When does a traffic fine expire in Spain?

by Lorraine Williamson
traffic controls

MADRID – It is well known that a traffic offence can lead to a fine. However, as with other administrative sanctions, it’s important to note that traffic tickets have an expiration date. There are periods during which fines issued by the Spanish Traffic Department DGT may lapse. That is, the traffic fine may become invalid. Do you know how long it takes for a traffic ticket in Spain to expire?

In other words, drivers in Spain who have been fined have a chance of not having to pay it. This is the case if the DGT does not notify the offenders of the fine within the required time. The traffic department has three ways to inform the offender of the fine. Firstly, via the well-known piece of paper behind the windscreen wiper. Secondly, via a letter posted on the doormat. And thirdly, via a notification on the mobile phone.  

Severity of the traffic fine 

Speeding or parking fines do not have to be paid if the notification arrives after the time stipulated by law. The exact length of this period depends on the severity of the infringement. For instance, it can be classed as minor, serious or very serious. Examples of serious offences include exceeding the speed limit or overtaking irregularly. 

Road Safety Act 

In article 112, paragraph 1 of the Road Safety Act, the DGT explains exactly how long it takes for the sanction to become time-barred. As stated, ‘the limitation period for the offences referred to in this Act shall be three months for minor offences and six months for serious and very serious offences. The limitation period shall commence on the day on which the offence was committed’. 

Objection and reduction possible 

If an offender is not notified of the fine within these time limits, either by the DGT or by other competent authorities, the fine does not have to be paid. However, in the majority of cases, the notification arrives on time. Those who then disagree with the fine have 20 calendar days to refute the allegation. Those who do pay, and do so quickly, only have to pay half of the fine; the amount is reduced by 50%.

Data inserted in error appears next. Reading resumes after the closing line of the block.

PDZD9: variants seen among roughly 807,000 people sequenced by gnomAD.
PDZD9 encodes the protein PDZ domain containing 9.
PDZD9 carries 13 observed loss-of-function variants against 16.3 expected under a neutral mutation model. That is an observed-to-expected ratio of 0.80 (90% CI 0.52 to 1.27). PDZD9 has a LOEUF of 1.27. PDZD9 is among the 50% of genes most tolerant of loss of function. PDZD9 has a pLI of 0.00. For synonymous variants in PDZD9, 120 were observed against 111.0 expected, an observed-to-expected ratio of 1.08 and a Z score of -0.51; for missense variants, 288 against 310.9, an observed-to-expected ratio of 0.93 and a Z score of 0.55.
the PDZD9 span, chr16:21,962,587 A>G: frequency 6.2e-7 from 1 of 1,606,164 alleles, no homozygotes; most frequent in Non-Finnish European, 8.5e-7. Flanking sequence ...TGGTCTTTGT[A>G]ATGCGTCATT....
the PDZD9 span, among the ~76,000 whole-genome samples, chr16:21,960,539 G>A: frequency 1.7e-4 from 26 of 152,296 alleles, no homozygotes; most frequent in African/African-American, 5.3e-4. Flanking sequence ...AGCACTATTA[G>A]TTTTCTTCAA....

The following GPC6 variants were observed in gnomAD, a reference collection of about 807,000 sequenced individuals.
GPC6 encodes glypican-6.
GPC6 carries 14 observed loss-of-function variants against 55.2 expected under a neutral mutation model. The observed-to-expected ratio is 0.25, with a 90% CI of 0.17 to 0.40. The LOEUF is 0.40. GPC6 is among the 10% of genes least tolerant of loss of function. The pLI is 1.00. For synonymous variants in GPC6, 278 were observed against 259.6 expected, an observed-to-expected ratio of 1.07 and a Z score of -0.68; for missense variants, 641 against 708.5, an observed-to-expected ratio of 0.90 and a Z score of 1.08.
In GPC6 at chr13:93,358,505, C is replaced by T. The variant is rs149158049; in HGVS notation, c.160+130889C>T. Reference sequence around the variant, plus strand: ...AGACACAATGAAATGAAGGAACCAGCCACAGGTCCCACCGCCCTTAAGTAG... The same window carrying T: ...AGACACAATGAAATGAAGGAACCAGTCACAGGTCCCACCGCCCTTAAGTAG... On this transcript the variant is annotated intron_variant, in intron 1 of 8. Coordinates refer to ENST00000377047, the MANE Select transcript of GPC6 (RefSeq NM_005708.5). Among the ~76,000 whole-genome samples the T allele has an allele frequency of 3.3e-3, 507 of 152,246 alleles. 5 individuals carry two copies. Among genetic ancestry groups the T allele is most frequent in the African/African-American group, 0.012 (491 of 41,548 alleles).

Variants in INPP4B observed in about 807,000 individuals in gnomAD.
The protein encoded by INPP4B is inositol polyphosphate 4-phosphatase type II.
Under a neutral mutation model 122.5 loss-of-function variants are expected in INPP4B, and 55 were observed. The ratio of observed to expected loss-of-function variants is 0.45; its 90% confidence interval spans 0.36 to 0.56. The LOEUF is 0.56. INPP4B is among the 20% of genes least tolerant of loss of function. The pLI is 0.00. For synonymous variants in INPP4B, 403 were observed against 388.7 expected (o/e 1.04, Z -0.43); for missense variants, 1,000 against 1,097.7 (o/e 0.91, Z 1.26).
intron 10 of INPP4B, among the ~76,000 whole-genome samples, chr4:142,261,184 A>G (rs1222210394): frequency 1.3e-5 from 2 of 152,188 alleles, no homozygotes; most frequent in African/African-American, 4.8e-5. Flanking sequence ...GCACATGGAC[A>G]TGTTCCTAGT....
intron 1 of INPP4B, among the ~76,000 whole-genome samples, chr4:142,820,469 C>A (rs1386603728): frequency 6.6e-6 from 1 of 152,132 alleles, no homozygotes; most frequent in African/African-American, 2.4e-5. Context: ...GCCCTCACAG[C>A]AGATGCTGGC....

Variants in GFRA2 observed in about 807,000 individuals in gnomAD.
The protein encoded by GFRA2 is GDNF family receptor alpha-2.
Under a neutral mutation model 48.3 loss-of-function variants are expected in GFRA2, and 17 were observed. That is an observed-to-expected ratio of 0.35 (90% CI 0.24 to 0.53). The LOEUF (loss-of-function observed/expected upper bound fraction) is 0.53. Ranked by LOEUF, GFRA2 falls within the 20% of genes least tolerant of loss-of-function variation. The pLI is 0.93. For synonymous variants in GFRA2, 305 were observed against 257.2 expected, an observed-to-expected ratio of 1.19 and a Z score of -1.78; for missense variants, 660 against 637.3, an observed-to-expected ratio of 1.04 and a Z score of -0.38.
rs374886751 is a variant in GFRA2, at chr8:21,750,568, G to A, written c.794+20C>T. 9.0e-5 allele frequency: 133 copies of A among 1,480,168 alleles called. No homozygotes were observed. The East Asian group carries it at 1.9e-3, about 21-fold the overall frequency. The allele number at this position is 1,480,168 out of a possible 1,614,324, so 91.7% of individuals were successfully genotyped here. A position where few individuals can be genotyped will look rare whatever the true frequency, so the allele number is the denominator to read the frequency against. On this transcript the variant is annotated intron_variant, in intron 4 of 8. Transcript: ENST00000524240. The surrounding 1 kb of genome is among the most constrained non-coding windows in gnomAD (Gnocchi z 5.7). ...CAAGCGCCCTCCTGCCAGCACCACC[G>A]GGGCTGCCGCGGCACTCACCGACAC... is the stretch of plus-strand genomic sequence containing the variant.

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Day of offence decisive 

According to the Traffic Act, the reporting time starts to count from the day of the offence. However, the DGT and the authorities have the possibility to interrupt this period. This can be done for up to one month while they check the identity or the address of the offender. 

However, as explained above, notifications generally arrive and the authorities have a four-year period to collect what is demanded. If the driving licence is also revoked, the period is one year. 

Insight via the app MiDGT

In short, anyone who does not want to pay a fine from the DGT must wait and see if a notice arrives within three or six months, depending on the severity of the offence. However, if you are sure that you have committed an infraction you can also check yourself. The body in charge of sanctioning may be the General Directorate of Traffic (DGT) or City Councils or Autonomous Communities in this matter such as Catalonia, the Basque Country and Navarre. To know in real time the violations associated with your vehicle and driving license, you can directly access your DGT app ‘miDGtT’ in the “My fines” section. You can also register with the Road Electronic Directorate (DEV). Here, notifications are communicated through an electronic mailbox on traffic matters.

Also read: What to do if you receive a traffic fine in Spain?

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